READ AN EXCERPT from The Best Kind of Trouble

Chapter One

The Best Kind of Trouble

It really didn’t matter that the day was sure to be hot enough to melt asphalt; coffee was a necessity if she was expected to work all day at the library and not maim anyone.

Public safety was important, after all. That and her terrible addiction to things that were bad for her like caffeine and sugary baked goods.

Common Grounds was a daily stop on her way to work or other errands in town.

Bobbi was behind the counter, and when she caught sight of Natalie coming through the doors, she grinned. “Morning!” So. Perky.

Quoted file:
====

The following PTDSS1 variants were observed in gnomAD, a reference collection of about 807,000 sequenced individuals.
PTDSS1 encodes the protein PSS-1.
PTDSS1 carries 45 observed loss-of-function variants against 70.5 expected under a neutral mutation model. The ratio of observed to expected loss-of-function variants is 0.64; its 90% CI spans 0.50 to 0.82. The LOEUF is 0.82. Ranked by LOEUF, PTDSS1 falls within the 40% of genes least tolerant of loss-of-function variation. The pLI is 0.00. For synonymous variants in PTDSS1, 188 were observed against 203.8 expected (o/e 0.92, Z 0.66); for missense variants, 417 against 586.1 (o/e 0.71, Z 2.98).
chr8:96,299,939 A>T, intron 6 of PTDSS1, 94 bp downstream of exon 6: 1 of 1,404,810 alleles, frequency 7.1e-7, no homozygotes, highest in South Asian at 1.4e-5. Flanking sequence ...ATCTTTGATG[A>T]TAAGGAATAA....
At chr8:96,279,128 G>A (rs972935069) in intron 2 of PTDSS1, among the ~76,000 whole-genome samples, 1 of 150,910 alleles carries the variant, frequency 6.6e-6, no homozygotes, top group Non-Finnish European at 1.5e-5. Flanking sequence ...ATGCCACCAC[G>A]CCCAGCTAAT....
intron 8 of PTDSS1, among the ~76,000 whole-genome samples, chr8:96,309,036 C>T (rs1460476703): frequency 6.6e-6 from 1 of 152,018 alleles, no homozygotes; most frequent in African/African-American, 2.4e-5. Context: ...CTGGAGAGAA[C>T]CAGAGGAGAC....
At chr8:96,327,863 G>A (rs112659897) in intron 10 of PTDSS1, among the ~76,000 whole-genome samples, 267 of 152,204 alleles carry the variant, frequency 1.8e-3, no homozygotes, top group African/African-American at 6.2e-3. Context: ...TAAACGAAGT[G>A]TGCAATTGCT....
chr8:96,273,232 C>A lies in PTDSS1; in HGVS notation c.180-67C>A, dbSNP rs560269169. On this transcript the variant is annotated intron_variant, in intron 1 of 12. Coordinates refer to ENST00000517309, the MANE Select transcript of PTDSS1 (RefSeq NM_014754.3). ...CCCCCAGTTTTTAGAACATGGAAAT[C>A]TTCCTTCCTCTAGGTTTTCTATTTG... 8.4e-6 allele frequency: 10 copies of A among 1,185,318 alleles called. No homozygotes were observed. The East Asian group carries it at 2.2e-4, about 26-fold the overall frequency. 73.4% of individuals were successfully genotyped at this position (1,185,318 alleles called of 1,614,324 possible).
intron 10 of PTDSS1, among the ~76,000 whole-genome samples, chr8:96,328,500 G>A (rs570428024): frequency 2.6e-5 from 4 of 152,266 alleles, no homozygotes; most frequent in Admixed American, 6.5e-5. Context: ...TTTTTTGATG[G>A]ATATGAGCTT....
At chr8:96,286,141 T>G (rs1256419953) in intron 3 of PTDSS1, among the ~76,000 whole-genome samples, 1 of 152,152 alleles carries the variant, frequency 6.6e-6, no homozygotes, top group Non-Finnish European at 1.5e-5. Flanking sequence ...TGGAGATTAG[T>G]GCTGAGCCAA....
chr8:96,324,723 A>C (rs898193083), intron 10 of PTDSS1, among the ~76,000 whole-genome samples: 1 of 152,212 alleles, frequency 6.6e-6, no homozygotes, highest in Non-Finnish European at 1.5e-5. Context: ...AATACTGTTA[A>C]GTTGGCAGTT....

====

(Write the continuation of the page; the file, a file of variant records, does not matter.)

Perky was not in Natalie’s wheelhouse, so she aimed for amiable because Bobbi the barista was Natalie’s pimp. “Morning. Hit me with something awesome.”

Another luminous smile from Natalie’s favorite barista as she got to work. “I have a new something to try. Are you game?”

“My vices are few, so I like to enjoy what I’ve got.” She looked over the stuff in the case. There were no doughnuts, sadly, so a scone would have to do. “I’d like to enter into a relationship with that cinnamon scone there to go with my something new.”

“It’s early for you, isn’t it? I thought the library didn’t open until ten today?”

“It doesn’t, but I’m doing story time for some preschoolers.”

“Aw, that’s nice of you.”

Natalie had the financial ability to volunteer in her free time and a strong commitment to giving back, so reading to preschoolers once or twice a week was pretty fun as such things went.